Acknowledging the hand of God in every day events turns ordinary days into an extraordinary life.
And we know that all things work together for good to them that love God, to them who are the called according to his purpose.
God is complete in Himself. All we see, hear, taste, smell, or feel of the creation about us is an expression of His love reaching out, not His lack longing for affirmation or adulation. The Almighty needs no additional power. The Omniscient One has no need of informants or counselors. He cannot be surprised by our accomplishments or failures. The Everlasting God never runs out of time and is therefore always on time.
We traipse through turbulence, trouble, and trauma wondering why and how and when. He sees the end from the beginning and never fails to accomplish the good He plans. Praising God raises us beyond the ordinary chaos of life to the wondrous and orderly love of God. Extraordinary days are days filled with praise.
1 Give thanks to the Lord, for he is good, for his steadfast love endures forever.
2 Give thanks to the God of gods, for his steadfast love endures forever.
3 Give thanks to the Lord of lords, for his steadfast love endures forever;
4 to him who alone does great wonders, for his steadfast love endures forever;
5 to him who by understanding made the heavens, for his steadfast love endures forever;
6 to him who spread out the earth above the waters, for his steadfast love endures forever;
7 to him who made the great lights, for his steadfast love endures forever;
8 the sun to rule over the day, for his steadfast love endures forever;
9 the moon and stars to rule over the night, for his steadfast love endures forever; ESV
We have a choice in every dawning day. We can see the sunrise as a prod to push through another episode of our work-a-day lives or recognize the love of God shining down on us in an invitation to join Him in His plans and purposes.
1 I will extol thee, my God, O king; and I will bless thy name for ever and ever.
2 Every day will I bless thee; and I will praise thy name for ever and ever. [Emphasis added.]
If praising God is our daily practice, no trouble or trauma or life will find us on sinking sand outside of the shelter of His wings.
1 The Lord is my light and my salvation; whom shall I fear? the Lord is the strength of my life; of whom shall I be afraid?
2 When the wicked, even mine enemies and my foes, came upon me to eat up my flesh, they stumbled and fell.
3 Though an host should encamp against me, my heart shall not fear: though war should rise against me, in this will I be confident.
4 One thing have I desired of the Lord, that will I seek after; that I may dwell in the house of the Lord all the days of my life, to behold the beauty of the Lord, and to inquire in his temple.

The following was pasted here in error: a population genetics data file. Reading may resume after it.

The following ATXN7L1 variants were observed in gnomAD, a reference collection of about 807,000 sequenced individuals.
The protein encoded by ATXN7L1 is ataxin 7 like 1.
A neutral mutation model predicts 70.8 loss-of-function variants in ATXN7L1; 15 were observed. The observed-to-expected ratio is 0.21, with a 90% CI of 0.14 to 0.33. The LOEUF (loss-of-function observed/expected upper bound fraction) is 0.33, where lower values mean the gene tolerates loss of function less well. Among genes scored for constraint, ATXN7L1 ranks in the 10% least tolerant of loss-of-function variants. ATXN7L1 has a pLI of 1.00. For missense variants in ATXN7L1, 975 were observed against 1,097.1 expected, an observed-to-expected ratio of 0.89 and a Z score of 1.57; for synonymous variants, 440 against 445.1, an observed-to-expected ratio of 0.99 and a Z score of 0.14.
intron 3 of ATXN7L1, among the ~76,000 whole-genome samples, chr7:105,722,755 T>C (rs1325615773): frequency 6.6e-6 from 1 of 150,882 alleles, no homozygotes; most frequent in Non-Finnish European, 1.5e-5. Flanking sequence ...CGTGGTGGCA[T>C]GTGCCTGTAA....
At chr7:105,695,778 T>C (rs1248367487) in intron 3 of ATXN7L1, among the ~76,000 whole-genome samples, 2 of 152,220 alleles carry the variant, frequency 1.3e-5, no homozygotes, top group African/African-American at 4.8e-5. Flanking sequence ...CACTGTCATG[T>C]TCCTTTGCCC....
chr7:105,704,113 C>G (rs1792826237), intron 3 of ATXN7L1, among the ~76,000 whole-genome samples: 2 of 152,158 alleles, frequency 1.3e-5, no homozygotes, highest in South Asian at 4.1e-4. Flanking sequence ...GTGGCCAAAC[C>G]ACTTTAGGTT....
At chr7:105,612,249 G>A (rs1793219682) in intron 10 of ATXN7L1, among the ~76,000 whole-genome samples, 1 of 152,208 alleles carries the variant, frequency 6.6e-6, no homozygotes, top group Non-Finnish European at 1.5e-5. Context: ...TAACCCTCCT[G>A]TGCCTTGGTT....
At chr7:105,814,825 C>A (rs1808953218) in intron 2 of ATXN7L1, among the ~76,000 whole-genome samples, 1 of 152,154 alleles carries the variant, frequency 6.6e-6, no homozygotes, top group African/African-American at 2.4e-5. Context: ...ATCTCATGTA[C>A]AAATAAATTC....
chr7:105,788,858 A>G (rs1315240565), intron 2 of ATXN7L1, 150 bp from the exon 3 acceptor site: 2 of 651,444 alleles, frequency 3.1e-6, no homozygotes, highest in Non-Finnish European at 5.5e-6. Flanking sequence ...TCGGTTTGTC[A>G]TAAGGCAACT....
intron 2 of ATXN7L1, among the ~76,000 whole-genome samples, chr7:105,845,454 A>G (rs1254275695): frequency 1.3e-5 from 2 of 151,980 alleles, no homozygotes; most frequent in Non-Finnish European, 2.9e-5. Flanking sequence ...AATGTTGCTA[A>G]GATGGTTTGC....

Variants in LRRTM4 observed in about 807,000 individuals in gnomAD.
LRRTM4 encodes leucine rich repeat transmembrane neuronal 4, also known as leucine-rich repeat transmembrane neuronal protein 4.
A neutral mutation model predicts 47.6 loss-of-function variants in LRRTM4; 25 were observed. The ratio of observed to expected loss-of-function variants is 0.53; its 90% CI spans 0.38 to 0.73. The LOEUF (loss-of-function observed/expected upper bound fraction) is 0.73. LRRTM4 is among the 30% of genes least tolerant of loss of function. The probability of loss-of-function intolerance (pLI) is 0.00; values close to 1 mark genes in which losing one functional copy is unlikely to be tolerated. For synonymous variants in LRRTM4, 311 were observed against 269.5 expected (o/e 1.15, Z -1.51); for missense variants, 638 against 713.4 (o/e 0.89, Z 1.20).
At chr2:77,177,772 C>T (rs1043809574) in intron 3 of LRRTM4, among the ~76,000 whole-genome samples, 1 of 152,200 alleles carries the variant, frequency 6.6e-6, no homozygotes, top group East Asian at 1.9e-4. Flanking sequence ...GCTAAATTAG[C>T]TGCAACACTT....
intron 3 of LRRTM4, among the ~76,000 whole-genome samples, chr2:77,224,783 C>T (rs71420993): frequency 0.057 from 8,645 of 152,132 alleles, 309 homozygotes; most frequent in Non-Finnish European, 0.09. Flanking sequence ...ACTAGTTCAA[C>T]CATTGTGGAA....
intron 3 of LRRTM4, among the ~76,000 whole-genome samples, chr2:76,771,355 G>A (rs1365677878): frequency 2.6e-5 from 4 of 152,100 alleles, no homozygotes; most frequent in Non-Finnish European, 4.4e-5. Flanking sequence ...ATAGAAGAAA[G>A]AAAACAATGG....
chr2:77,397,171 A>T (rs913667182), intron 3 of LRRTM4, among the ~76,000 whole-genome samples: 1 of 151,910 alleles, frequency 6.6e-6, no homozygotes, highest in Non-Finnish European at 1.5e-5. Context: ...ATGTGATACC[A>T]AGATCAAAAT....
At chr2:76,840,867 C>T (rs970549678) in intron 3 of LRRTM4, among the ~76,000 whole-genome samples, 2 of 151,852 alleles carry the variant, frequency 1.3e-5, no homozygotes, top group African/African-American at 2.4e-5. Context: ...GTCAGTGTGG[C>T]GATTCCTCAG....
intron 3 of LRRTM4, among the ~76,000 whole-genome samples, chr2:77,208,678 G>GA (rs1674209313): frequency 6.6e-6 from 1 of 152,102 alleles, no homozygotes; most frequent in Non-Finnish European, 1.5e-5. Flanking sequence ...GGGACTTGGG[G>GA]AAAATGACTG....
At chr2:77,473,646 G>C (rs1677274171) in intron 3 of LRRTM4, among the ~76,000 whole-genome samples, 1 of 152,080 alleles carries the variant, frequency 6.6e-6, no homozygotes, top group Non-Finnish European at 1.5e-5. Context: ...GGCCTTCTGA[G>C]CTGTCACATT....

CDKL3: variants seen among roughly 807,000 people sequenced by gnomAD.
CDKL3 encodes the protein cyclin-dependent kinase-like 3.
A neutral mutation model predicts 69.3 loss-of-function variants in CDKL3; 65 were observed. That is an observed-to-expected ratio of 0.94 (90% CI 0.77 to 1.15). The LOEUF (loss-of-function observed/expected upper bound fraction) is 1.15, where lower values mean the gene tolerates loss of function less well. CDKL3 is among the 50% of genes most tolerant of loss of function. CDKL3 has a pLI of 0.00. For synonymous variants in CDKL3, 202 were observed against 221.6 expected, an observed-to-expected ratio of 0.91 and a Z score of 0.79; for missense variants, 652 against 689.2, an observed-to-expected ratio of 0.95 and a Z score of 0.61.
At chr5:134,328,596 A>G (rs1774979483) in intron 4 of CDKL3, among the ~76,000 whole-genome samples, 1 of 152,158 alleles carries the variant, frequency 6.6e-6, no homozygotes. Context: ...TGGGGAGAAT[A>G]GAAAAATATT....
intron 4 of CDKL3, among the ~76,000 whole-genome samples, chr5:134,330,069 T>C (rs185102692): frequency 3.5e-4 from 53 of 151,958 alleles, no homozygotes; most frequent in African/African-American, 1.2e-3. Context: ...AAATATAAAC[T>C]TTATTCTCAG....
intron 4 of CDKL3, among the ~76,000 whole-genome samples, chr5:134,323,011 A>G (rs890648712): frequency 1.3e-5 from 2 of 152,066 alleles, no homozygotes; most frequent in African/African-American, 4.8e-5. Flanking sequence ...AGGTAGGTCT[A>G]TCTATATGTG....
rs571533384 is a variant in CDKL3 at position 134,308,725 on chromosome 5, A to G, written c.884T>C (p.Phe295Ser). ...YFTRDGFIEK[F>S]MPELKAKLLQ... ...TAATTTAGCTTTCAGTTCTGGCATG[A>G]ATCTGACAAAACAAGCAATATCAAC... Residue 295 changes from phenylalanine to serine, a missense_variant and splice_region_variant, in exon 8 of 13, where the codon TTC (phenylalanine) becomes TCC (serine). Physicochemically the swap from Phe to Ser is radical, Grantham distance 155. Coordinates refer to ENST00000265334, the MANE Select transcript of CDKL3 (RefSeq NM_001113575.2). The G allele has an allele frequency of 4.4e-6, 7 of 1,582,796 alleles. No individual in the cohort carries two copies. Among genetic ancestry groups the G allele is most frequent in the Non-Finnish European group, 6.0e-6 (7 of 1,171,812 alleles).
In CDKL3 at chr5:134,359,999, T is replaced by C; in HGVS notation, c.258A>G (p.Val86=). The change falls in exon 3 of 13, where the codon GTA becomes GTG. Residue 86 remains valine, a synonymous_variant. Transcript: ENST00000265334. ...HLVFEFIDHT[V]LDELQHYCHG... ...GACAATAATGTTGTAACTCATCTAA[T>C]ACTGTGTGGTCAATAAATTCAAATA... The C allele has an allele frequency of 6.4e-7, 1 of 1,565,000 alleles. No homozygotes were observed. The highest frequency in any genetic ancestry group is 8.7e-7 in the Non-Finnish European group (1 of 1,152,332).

5 For in the time of trouble he shall hide me in his pavilion: in the secret of his tabernacle shall he hide me; he shall set me up upon a rock.
6 And now shall mine head be lifted up above mine enemies round about me: therefore will I offer in his tabernacle sacrifices of joy; I will sing, yea, I will sing praises unto the Lord.
How Synchronized Praise Changed the World
Next day delivery of international products is an expected convenience of modern life, an occurrence so common as to seem mundane. But when one considers the complexities and coordination required to maintain that reality, it is a bewildering accomplishment—an accomplishment we all benefit from because a hermit was devoted to prayer and praise.
Benedict of Nursia was a young Roman noble discouraged and overwhelmed by the dissipated life of his contemporaries. He removed himself from the Eternal City to live in a cave in his pursuit of Christ. His decision would change the world in ways he never imagined. In a slave-holding society with clear distinctions between clergy and laity, he built an order dedicated to fraternal life that embraced all men equal in Christ. He viewed work not as a condition peculiar to slaves, but as the universal lot of man, necessary for their well-being and essential to their Christian walk. And he prayed.
Seven times a day do I praise thee because of thy righteous judgments.
Benedict of Nursia cited this verse in his monastic rule to set the times of prayer. These seven times of prayer became known as the canonical hours, the times of the day monks prayed in concert.
The monks’ need to pray at specified times led to a greater proliferation of clocks and time keeping during the middle ages. Clocks in turn allowed town and country folk to begin synchronizing and coordinating their labor. Coordinated labor translated into an increased economy. Increased economy turned into progress. And that progress, spurred by developing better and better clocks, eventually became known as the Industrial Revolution.
Our modern concept of punctuality stems directly from the urgency of Western Christian monks desiring to pray together and praising the Lord “seven times a day.”
Scheduling meetings is a regular facet of the work-a-day world. Setting time aside for God is no less practical and yields divine dividends. With God, nothing is ordinary. In the pavilion of praise, every day is filled with purpose and the sure knowledge of our Father’s lovingkindness.
 Ps. 147:5; Isa. 40:13-14.
 Isa. 46:8-10; 1 John 3:20.
 New Advent, Catholic Encyclopedia, s.v. “St. Benedict of Nursia,” http://www.newadvent.org/cathen/02467b.htm (accessed October 7, 2018).
 Documents of the Christian Church, Henry Bettenson editor. Oxford University Press, Oxford, 1963, p. 117 sec. XVI.
 These insights were gained from David S. Landes, Revolution in Time, © 1983, 2000 by the President and fellows of Harvard College. It is published by the Belknap Press of Harvard University Press, Cambridge, Massachusetts. With regard to the observations mentioned, see especially Chapter 3, “Are You Sleeping, Brother John?”